Such comprehensive city planning studies include the area undeveloped, as well as the built-up sections, thus presenting a framework over which the city may spread in an orderly, practical and attractive manner. The city plan is also a stabilizing influence in developments and in property values, and furnishes a definite program for improvements and expansions.
A city plan does not attempt to bind the city too far in the future, but is subject to amendment from time to time according to new conditions. While it deals primarily with the every day practical requirements of the city, it also encourages civic art, a feature that is of great importance in a resort community.
The method of producing the plans for the growth of a city, whether in Florida or elsewhere, whether in new territory or where a settled community is confronted with the problems of rapid expansion, are practically the same.
First, a survey of local conditions is made, including the many factors which go to make up community life. This survey begins with knowledge of the historical background. It includes a study of the physical conditions as shown in the topography, resources and climate; the social conditions, expressing themselves in housing, health, education, recreation, welfare and safety; the economic conditions embodied in streets, transportation, public utilities, real estate and administration. The result of this planning survey is a comprehensive report and the production of an Existing Conditions Map showing graphically the city or region at the beginning of the city planning work.
Second comes the preparation of the Regional Plan. Cities and the open county about bear very close relation to each other, and this relation is becoming intensified by modern conditions. Where the country was once simply an agricultural region, producing food for the cities, it has now become, through the use of motor transportation, part of the city, by the increasing number of city workers who can live in the suburbs or rural districts. The potential urban possibility is rapidly becoming a reality. It is to direct this inevitable trend that regional plans are necessary. The Regional Plan treats the city and its surrounding zone of influence as a unit, and seeks to determine the uses to which the different parts of the area are best adapted, following which the best means of planning these related parts must be discovered.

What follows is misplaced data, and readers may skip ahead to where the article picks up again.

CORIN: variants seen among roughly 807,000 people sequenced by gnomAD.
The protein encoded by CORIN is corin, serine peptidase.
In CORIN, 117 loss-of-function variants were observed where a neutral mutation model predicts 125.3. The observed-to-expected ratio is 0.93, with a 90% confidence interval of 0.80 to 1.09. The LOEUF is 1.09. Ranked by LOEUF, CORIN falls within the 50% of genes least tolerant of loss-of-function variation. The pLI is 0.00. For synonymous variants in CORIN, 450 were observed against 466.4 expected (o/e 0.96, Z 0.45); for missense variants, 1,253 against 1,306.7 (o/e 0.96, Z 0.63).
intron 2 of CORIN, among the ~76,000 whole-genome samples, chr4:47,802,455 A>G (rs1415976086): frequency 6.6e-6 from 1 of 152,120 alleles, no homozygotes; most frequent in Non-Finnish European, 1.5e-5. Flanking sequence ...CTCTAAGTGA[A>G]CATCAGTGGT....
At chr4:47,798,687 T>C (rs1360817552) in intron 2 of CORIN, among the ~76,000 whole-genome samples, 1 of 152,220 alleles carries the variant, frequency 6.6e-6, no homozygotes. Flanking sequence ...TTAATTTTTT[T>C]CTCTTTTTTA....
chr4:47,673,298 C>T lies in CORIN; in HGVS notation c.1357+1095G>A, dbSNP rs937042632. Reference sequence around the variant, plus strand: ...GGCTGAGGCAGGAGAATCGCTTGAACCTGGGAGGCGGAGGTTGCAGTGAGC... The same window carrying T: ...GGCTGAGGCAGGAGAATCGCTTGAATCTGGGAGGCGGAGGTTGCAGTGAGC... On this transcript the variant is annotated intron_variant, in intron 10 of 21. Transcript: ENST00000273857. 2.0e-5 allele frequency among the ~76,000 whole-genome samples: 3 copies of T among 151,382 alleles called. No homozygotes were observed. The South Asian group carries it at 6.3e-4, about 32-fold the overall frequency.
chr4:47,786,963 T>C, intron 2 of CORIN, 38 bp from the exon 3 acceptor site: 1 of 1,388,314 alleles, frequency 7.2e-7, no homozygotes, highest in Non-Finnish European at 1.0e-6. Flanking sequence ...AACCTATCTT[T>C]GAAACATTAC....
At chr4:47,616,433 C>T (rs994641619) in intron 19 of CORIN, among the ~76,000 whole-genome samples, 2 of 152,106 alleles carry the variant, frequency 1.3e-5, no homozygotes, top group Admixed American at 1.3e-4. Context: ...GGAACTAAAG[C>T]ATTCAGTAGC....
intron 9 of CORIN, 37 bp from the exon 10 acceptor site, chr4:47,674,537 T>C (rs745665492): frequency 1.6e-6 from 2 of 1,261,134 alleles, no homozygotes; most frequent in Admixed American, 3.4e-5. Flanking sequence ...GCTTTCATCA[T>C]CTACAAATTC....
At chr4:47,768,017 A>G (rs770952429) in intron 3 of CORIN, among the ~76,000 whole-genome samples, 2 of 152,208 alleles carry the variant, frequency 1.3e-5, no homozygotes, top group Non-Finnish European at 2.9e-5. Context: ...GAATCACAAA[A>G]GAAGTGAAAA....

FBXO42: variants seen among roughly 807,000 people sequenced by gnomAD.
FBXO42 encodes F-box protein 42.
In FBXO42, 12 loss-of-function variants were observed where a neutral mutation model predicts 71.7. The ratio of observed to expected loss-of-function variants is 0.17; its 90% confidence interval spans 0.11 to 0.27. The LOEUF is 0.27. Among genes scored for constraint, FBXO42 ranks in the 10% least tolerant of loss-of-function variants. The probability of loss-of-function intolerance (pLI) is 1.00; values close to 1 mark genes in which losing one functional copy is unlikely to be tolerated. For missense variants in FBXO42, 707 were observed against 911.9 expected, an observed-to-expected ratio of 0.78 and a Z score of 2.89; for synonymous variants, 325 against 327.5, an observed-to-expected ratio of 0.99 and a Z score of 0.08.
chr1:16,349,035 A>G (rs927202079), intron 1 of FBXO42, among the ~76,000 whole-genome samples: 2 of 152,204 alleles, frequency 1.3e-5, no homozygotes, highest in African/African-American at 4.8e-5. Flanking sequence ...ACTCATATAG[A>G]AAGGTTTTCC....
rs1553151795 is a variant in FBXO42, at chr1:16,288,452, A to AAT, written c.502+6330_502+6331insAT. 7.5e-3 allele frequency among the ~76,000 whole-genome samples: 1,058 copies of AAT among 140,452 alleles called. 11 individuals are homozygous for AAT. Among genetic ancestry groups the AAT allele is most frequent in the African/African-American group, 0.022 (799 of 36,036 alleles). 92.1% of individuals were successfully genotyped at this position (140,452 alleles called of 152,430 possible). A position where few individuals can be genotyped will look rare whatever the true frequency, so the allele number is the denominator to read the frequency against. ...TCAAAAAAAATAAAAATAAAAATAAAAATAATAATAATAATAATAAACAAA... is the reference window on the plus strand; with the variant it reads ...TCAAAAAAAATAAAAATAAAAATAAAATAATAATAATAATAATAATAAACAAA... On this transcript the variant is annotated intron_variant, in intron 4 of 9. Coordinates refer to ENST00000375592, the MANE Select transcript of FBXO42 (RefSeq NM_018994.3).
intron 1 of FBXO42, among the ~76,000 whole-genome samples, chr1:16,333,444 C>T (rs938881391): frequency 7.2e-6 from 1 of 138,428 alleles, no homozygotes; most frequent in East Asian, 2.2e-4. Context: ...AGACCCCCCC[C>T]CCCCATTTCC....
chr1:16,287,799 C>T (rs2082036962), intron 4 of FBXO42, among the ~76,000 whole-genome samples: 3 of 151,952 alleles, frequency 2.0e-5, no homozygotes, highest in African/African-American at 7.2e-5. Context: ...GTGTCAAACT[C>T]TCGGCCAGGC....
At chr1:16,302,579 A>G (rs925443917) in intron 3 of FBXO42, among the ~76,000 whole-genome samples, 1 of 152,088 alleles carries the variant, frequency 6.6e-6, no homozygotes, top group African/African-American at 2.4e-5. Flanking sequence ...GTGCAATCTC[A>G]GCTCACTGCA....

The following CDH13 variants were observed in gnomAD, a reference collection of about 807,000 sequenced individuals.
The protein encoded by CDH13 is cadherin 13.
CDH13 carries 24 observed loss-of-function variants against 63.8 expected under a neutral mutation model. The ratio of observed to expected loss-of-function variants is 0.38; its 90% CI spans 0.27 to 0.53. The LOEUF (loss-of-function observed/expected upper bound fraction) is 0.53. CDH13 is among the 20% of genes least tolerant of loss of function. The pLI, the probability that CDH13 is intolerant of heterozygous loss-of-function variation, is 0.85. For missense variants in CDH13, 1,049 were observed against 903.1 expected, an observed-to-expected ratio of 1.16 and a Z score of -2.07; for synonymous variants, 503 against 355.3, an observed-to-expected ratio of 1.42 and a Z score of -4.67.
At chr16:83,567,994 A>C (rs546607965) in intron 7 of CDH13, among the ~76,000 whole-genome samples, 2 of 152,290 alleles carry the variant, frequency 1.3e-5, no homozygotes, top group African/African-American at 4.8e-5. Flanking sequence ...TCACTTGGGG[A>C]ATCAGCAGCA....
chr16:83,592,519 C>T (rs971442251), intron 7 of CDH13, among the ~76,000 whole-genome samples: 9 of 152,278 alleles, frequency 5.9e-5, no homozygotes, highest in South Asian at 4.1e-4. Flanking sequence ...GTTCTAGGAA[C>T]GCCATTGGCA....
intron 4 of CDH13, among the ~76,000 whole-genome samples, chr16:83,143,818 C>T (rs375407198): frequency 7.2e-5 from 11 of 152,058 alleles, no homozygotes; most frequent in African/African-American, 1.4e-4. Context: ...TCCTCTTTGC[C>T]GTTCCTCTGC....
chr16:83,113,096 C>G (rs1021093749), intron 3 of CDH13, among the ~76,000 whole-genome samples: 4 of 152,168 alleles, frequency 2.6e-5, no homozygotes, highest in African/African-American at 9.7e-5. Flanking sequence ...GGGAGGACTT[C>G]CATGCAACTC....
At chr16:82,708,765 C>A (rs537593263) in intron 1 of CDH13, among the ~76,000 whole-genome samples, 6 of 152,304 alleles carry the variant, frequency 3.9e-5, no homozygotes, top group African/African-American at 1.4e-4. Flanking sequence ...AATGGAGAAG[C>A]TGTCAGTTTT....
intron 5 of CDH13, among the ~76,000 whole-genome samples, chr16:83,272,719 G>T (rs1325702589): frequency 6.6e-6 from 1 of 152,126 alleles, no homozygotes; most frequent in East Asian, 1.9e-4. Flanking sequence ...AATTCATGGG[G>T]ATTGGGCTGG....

The Regional Plan gives the setting for the preparation of the comprehensive City Plan itself, which is based on the Existing Conditions Map. It takes into account, of course, the public opinion of the community and must always find ways of applying successfully the fundamental principles of city planning. If the work went no further it would do much good. Elihu Root in an address delivered in New York speaking of a city plan, said, "I think that the existence of plans known to everybody will give just enough direction to the movement of the multitudes of separate impulses to lead the growth of a city or region along the right lines."
Another important phase, in fact an integral part of city planning, is zoning. Zoning determines the right use of land and protects the owner of the land in that use. But zoning is not retroactive, and the present use of property for stores or industry or other purposes outside of the zone proposed is not affected. A Zone Plan shows diagrammatically the logical locations for business, industry, and different classes of residential property for the various parts of the city.
This statement of city planning is but a brief outline of methods that are now being followed by a number of cities in Florida, and will be followed by many others, because city planning is a means of safeguard and protecting the property values of Investors and stabilizing all the best interests of the community. The general influence of city planning, therefore, if carried out wisely and deliberately throughout the state, will be very helpful to the rapid, Bound and permanent development of Florida.
There is already an enlightened public sentiment supporting better planning manifesting itself in all parts of the state, which makes it certain that program in civic development in Florida will be much more rapid and thorough than in the other commonwealths.
Excerpt from: Nolen, John. "City Planning in Florida."
Suniland, Nov. 1925, Vol.3, No.2., Pg. 28.